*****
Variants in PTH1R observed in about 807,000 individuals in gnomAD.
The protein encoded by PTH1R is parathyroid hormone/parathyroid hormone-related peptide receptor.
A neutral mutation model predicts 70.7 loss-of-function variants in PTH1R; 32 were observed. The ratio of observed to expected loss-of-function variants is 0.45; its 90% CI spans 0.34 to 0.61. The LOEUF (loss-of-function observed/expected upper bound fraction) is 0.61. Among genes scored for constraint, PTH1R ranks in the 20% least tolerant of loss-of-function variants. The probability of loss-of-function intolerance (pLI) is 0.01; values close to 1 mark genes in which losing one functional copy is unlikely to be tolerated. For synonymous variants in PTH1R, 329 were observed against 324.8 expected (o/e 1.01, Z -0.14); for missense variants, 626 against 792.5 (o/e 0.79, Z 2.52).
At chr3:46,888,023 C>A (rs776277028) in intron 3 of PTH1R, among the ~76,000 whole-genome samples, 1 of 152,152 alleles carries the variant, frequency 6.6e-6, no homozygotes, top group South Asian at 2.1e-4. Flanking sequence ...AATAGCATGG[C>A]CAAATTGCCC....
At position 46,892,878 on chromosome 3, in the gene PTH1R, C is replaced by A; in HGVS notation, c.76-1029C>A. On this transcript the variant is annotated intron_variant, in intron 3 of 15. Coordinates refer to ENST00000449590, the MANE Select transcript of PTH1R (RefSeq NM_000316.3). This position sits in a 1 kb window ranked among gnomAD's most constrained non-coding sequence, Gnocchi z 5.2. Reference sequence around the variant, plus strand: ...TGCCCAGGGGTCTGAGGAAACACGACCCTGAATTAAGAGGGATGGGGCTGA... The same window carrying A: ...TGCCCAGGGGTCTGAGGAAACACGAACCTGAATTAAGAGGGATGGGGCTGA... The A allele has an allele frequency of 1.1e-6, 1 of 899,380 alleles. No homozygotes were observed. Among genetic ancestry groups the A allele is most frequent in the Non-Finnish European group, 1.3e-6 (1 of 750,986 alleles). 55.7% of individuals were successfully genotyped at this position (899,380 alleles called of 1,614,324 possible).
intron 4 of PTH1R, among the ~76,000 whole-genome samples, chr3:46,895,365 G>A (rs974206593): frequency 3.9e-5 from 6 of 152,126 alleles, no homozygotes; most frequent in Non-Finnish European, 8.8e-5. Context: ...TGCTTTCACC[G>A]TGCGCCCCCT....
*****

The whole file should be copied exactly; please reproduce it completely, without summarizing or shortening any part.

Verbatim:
Variants in PTH1R observed in about 807,000 individuals in gnomAD.
The protein encoded by PTH1R is parathyroid hormone/parathyroid hormone-related peptide receptor.
A neutral mutation model predicts 70.7 loss-of-function variants in PTH1R; 32 were observed. The ratio of observed to expected loss-of-function variants is 0.45; its 90% CI spans 0.34 to 0.61. The LOEUF (loss-of-function observed/expected upper bound fraction) is 0.61. Among genes scored for constraint, PTH1R ranks in the 20% least tolerant of loss-of-function variants. The probability of loss-of-function intolerance (pLI) is 0.01; values close to 1 mark genes in which losing one functional copy is unlikely to be tolerated. For synonymous variants in PTH1R, 329 were observed against 324.8 expected (o/e 1.01, Z -0.14); for missense variants, 626 against 792.5 (o/e 0.79, Z 2.52).
At chr3:46,888,023 C>A (rs776277028) in intron 3 of PTH1R, among the ~76,000 whole-genome samples, 1 of 152,152 alleles carries the variant, frequency 6.6e-6, no homozygotes, top group South Asian at 2.1e-4. Flanking sequence ...AATAGCATGG[C>A]CAAATTGCCC....
At position 46,892,878 on chromosome 3, in the gene PTH1R, C is replaced by A; in HGVS notation, c.76-1029C>A. On this transcript the variant is annotated intron_variant, in intron 3 of 15. Coordinates refer to ENST00000449590, the MANE Select transcript of PTH1R (RefSeq NM_000316.3). This position sits in a 1 kb window ranked among gnomAD's most constrained non-coding sequence, Gnocchi z 5.2. Reference sequence around the variant, plus strand: ...TGCCCAGGGGTCTGAGGAAACACGACCCTGAATTAAGAGGGATGGGGCTGA... The same window carrying A: ...TGCCCAGGGGTCTGAGGAAACACGAACCTGAATTAAGAGGGATGGGGCTGA... The A allele has an allele frequency of 1.1e-6, 1 of 899,380 alleles. No homozygotes were observed. Among genetic ancestry groups the A allele is most frequent in the Non-Finnish European group, 1.3e-6 (1 of 750,986 alleles). 55.7% of individuals were successfully genotyped at this position (899,380 alleles called of 1,614,324 possible).
intron 4 of PTH1R, among the ~76,000 whole-genome samples, chr3:46,895,365 G>A (rs974206593): frequency 3.9e-5 from 6 of 152,126 alleles, no homozygotes; most frequent in Non-Finnish European, 8.8e-5. Context: ...TGCTTTCACC[G>A]TGCGCCCCCT....